“Who cares if radio survives? Something else will happen.”
This is one of my favourite new quotes. It’s from Ira Glass of public radio’s “This American Life” in a recent public forum. Though I’m sure a few folks who own broadcast licenses would disagree, there’s an essential truth and an implicit hope here for the rest of us who are attached to the radio business one way or another.
Radio as we know it is changing in a way that we may not even recognize it a few years from now. Radio that emanates from the broadcast tower may even fade away—though I personally suspect it will be around longer than some pundits predict. But, even if those towers do go down, something similar will inevitably rise up from the ashes.
I’m convinced that listener research can play a big role in understanding these changes and identifying new opportunities. But it will take a vastly different approach than most of the radio research that’s done today.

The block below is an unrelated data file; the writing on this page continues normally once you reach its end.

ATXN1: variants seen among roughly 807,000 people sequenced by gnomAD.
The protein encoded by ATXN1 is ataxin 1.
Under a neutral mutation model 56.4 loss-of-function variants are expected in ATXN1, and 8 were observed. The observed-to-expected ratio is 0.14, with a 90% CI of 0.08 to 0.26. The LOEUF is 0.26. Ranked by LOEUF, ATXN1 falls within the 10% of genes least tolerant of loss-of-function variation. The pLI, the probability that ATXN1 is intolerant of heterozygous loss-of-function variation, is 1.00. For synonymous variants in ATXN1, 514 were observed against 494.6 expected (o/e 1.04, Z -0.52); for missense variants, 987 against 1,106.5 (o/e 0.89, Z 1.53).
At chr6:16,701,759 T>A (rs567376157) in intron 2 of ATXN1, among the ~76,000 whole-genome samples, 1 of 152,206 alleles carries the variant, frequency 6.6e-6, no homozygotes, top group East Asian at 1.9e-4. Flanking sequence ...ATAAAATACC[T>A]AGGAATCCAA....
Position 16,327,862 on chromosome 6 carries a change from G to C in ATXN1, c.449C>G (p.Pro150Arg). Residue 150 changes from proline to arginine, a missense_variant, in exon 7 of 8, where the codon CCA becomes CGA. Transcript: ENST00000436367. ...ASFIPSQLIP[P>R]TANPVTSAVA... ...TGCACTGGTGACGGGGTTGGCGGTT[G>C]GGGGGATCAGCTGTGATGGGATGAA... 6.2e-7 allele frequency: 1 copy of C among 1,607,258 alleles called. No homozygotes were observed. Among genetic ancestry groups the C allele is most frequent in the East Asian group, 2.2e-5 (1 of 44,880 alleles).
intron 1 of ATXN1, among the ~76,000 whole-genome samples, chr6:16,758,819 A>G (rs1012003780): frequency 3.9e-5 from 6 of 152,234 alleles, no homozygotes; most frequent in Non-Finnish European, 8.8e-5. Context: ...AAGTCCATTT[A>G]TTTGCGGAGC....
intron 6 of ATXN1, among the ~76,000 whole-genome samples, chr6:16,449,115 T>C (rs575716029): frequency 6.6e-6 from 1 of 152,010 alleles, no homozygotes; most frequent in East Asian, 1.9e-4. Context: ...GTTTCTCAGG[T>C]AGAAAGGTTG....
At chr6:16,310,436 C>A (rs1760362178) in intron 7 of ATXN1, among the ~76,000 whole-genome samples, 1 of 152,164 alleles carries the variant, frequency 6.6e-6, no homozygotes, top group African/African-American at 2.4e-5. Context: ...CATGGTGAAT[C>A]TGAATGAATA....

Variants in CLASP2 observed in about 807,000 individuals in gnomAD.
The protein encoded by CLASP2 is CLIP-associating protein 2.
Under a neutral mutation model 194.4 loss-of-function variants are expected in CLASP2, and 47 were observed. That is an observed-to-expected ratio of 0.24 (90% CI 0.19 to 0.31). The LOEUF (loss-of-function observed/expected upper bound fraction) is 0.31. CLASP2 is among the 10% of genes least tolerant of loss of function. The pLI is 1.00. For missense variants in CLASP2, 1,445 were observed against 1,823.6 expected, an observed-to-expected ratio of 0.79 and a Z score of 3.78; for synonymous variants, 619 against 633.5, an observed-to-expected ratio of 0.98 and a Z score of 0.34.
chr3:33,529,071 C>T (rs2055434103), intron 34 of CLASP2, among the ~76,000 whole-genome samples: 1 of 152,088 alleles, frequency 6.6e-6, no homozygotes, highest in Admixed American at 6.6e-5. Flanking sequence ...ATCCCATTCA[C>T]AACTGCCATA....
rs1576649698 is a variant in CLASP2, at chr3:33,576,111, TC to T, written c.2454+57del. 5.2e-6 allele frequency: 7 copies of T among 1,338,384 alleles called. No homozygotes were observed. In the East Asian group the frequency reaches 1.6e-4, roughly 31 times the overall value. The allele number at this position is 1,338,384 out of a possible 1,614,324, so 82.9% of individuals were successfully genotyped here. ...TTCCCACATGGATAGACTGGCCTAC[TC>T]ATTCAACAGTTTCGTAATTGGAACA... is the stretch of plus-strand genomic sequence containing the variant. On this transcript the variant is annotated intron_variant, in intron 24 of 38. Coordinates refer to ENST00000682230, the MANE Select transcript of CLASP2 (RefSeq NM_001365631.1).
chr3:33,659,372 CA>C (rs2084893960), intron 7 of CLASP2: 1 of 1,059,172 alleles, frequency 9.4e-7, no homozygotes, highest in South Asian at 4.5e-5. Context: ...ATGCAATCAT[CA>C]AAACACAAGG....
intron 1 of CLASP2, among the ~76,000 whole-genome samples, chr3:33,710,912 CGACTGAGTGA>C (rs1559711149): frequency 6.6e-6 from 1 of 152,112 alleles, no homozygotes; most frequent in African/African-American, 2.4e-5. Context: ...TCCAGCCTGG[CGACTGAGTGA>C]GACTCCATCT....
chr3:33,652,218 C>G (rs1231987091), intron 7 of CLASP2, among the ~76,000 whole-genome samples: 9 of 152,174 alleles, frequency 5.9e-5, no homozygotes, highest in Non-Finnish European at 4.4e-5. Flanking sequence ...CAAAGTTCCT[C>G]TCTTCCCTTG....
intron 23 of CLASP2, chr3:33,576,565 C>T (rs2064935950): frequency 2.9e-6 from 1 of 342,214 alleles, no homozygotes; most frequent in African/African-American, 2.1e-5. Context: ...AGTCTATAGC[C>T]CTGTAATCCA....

The questions are no longer “what station do you think of first for [insert attribute here]” but more like “given all the other media alternatives available today, what is it about [insert type of radio here – AM/FM radio, Pandora, podcasts etc.] that gives it its value to you.”
How, and to whom, you ask the questions also has to change. You can’t expect to get the insights from the dinner-hour interruption of a random landline telephone call that you can get out of a two-way conversation with an engaged consumer. And that conversation could take place where the consumer listens to whatever they listen to, in an online/mobile community of which they are a member, or any other mutually agreed upon setting.
The key is staying open to all the possibilities, with the resolve to be on the side of the survivors, wherever that might lead you.